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| 1 minute read

Protest POV: Document access controls can end up controlling your fate in competitions (and at GAO)

In a recent decision, the Government Accountability Office (GAO) denied a protest challenging the Army’s elimination of protester, SOS International, LLC (SOSI), from an Army task order competition after the agency was unable to access SOSI’s subcontractor’s pricing spreadsheet which had electronic file access restrictions. During its compliance review of SOSI’s proposal, the Army attempted but could not open or view the spreadsheet—which had been submitted directly to the agency by the subcontractor—because the file required access permissions that the Army didn’t have. For this reason, the agency asserted, and GAO agreed, SOSI did not provide an accessible pricing spreadsheet for its subcontractor, thus failing to satisfy the solicitation’s requirement that offerors provide fully functional spreadsheets. GAO rejected the protester’s argument that it should have been notified about the issue and allowed to resubmit an accessible spreadsheet under FAR 15.207(c).  According to SOSI, the file was rendered “unreadable” due to “damage” incurred when the file was electronically transmitted to the Army. Both FAR 15.207(c) and the terms of the solicitation required such notice and an opportunity to resubmit damaged, unreadable proposal contents. But GAO found that neither applied here since (1) the cited FAR part 15 provision was not expressly included in the solicitation, and therefore, did not apply to this FAR part 16 procurement, (2) the file access restrictions were applied to the spreadsheet by the subcontractor’s own information technology (IT) systems, and (3) the Army’s inability to access the spreadsheet wasn’t the result of any “damage” caused during transmittal. Based on these findings, GAO concluded that the agency reasonably eliminated SOSI’s proposal from the competition due to the subcontractor’s (and ultimately SOSI’s) failure to provide the requisite file access permissions.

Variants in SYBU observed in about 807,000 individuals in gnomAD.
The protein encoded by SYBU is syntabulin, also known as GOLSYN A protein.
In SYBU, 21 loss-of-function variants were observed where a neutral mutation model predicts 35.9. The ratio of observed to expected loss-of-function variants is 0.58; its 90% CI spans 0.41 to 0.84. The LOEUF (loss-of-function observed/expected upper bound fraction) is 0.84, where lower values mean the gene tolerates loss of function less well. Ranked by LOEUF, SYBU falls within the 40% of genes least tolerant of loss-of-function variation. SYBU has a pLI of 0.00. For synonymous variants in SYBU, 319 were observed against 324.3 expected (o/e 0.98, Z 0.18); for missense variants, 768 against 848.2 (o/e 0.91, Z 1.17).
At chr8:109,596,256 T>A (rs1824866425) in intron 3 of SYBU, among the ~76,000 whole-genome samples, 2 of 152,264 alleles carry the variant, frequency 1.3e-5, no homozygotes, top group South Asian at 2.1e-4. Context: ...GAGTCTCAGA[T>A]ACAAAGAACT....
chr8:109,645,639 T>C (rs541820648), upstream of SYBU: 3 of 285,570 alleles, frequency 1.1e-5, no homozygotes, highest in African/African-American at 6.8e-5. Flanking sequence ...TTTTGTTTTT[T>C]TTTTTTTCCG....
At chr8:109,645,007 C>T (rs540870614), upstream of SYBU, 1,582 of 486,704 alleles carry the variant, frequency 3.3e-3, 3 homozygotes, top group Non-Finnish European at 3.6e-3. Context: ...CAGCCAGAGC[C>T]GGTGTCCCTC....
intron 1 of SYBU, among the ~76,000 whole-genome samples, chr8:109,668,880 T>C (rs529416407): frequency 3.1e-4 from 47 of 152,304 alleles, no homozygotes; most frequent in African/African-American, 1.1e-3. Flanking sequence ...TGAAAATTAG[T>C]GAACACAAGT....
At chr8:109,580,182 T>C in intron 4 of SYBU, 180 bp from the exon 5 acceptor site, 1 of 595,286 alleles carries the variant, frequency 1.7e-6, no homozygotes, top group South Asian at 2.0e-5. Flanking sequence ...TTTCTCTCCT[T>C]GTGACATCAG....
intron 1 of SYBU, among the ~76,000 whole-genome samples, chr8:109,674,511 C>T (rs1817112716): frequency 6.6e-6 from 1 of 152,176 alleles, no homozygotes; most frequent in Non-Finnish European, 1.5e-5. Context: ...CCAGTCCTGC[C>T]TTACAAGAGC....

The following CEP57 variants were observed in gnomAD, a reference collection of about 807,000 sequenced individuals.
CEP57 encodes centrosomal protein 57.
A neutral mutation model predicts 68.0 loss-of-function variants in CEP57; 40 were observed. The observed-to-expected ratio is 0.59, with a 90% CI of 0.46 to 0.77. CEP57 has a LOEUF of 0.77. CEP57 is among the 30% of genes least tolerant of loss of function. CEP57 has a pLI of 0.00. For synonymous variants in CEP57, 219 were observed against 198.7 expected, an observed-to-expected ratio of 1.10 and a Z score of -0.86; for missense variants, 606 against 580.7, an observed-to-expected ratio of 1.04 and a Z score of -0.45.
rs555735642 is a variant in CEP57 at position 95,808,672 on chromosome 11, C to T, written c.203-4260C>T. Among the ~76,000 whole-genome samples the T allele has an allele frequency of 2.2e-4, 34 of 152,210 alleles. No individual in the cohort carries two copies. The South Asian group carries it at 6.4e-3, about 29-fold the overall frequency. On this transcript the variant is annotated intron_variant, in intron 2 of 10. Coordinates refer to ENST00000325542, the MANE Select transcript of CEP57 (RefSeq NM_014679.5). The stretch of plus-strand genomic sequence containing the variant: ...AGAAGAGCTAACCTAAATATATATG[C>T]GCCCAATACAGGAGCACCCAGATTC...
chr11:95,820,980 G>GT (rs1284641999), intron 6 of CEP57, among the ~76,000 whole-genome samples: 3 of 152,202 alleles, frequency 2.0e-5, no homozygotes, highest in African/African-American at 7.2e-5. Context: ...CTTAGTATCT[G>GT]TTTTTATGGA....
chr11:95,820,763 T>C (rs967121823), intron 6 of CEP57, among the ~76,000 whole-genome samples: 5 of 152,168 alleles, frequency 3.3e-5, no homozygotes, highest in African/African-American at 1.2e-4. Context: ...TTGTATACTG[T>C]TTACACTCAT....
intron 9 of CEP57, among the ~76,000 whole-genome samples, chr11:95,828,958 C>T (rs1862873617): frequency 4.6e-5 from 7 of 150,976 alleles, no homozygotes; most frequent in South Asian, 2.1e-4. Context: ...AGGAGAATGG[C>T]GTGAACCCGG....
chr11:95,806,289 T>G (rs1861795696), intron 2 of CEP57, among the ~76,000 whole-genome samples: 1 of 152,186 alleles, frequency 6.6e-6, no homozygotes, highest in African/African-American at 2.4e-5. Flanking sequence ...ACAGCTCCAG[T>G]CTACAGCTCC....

POV: Offerors and their proposed subcontractors should be sure to either remove or provide the agency with passwords for any file access restrictions—including automated IT system controls—in their proposal documents, or risk elimination from the competition. 

Tags

bid protests, government contracts